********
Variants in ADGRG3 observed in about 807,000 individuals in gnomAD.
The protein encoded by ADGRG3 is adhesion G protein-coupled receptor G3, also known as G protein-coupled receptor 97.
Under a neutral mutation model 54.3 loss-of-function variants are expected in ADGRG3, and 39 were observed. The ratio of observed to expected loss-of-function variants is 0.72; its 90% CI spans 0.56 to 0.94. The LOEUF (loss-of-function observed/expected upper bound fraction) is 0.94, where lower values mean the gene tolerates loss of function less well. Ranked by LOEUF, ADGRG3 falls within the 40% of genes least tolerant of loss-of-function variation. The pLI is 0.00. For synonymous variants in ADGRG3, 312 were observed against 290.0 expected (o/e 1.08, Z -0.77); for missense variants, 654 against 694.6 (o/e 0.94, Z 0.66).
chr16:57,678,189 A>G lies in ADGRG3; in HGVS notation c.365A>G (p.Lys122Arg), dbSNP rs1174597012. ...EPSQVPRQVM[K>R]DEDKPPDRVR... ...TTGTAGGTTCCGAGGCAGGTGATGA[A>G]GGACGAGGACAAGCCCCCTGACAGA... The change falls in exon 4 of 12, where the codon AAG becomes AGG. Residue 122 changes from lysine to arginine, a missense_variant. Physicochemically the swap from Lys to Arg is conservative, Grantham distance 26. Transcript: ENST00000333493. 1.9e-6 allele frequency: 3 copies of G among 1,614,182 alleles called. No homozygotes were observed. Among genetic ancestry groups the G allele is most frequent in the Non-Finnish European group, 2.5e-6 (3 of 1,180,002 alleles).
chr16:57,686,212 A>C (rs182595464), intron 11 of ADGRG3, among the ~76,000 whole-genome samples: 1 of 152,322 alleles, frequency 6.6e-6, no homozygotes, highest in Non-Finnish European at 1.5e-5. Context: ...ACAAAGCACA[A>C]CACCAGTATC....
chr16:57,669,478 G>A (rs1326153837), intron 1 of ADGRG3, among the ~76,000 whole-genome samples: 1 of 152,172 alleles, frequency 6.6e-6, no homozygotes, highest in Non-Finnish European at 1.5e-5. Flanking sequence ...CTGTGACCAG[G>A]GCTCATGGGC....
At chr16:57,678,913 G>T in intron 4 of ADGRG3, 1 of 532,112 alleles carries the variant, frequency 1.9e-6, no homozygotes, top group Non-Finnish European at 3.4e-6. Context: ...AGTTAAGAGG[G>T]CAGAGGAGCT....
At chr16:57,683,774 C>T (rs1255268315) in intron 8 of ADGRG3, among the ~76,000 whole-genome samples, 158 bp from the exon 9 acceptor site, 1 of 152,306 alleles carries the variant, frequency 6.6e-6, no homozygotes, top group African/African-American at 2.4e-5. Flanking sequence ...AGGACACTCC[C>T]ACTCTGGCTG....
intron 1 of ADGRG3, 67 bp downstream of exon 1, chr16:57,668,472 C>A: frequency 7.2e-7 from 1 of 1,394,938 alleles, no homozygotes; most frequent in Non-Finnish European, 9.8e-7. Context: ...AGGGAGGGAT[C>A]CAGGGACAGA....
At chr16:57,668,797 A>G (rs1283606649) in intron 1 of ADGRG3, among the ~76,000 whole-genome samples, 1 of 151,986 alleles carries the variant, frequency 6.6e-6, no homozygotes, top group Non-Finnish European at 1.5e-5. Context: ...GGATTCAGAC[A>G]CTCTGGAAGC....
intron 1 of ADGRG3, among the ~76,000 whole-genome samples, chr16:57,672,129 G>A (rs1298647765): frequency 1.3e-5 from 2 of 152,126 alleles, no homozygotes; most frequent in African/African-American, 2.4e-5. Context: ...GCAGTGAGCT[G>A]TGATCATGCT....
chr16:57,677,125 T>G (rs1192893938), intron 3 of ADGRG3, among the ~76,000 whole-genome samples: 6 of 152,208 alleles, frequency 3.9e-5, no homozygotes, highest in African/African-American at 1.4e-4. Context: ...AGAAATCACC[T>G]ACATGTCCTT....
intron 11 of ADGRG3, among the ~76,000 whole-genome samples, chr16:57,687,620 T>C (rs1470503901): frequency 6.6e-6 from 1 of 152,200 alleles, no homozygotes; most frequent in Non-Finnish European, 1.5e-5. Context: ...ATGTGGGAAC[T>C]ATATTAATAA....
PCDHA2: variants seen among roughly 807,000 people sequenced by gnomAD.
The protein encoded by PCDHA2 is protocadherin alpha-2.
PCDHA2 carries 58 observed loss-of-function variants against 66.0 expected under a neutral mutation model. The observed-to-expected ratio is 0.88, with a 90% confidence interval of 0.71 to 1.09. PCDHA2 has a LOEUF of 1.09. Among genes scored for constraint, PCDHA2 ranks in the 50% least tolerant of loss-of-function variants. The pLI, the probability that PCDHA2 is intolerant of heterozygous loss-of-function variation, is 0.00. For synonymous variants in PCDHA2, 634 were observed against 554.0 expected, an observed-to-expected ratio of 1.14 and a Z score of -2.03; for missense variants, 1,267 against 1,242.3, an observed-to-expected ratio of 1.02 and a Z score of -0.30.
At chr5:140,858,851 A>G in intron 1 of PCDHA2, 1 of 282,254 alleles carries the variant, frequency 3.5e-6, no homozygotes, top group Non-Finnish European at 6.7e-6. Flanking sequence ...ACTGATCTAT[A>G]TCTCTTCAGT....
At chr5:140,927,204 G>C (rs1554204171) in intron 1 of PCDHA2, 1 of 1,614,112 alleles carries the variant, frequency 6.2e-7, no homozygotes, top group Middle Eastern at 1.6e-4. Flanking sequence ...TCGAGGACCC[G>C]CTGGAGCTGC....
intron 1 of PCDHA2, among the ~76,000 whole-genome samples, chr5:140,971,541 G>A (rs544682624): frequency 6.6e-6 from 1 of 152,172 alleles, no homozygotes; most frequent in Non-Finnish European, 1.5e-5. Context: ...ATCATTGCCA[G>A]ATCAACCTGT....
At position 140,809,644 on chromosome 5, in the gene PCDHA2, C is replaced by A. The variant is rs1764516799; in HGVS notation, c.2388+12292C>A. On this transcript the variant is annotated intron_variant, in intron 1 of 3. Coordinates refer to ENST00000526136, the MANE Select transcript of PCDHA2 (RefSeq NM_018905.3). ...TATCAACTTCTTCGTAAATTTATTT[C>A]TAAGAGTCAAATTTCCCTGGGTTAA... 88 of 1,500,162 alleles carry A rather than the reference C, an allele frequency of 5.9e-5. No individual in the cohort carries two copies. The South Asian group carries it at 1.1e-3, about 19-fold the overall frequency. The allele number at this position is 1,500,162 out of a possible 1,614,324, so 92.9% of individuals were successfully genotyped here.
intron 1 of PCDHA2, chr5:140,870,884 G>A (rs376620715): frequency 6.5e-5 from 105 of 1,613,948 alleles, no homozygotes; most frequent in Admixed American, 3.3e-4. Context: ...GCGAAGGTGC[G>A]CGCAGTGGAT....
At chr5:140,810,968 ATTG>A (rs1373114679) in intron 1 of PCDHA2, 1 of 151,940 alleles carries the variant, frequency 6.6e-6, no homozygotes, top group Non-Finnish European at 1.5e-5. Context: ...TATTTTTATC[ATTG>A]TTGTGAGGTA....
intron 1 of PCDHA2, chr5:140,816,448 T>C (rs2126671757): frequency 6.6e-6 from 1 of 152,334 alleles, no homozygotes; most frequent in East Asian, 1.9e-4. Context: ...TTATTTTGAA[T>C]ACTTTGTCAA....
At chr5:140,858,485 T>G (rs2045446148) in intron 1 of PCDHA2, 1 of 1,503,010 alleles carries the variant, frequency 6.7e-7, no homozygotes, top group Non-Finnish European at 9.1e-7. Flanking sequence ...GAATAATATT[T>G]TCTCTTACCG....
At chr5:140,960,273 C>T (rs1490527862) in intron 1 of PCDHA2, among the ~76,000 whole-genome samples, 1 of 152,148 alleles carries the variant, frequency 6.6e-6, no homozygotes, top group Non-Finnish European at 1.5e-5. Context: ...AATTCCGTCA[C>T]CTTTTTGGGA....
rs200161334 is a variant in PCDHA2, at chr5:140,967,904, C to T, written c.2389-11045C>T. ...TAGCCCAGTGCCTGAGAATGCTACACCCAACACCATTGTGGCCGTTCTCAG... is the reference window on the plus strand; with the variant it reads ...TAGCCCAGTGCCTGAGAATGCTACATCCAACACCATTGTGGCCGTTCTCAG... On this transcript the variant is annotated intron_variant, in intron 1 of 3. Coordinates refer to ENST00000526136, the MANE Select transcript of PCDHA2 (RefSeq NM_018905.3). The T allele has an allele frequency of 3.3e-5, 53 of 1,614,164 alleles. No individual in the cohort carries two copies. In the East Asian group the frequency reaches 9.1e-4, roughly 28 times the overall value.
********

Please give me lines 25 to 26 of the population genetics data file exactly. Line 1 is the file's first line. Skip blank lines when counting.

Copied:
At chr5:140,960,273 C>T (rs1490527862) in intron 1 of PCDHA2, among the ~76,000 whole-genome samples, 1 of 152,148 alleles carries the variant, frequency 6.6e-6, no homozygotes, top group Non-Finnish European at 1.5e-5. Context: ...AATTCCGTCA[C>T]CTTTTTGGGA....
rs200161334 is a variant in PCDHA2, at chr5:140,967,904, C to T, written c.2389-11045C>T. ...TAGCCCAGTGCCTGAGAATGCTACACCCAACACCATTGTGGCCGTTCTCAG... is the reference window on the plus strand; with the variant it reads ...TAGCCCAGTGCCTGAGAATGCTACATCCAACACCATTGTGGCCGTTCTCAG... On this transcript the variant is annotated intron_variant, in intron 1 of 3. Coordinates refer to ENST00000526136, the MANE Select transcript of PCDHA2 (RefSeq NM_018905.3). The T allele has an allele frequency of 3.3e-5, 53 of 1,614,164 alleles. No individual in the cohort carries two copies. In the East Asian group the frequency reaches 9.1e-4, roughly 28 times the overall value.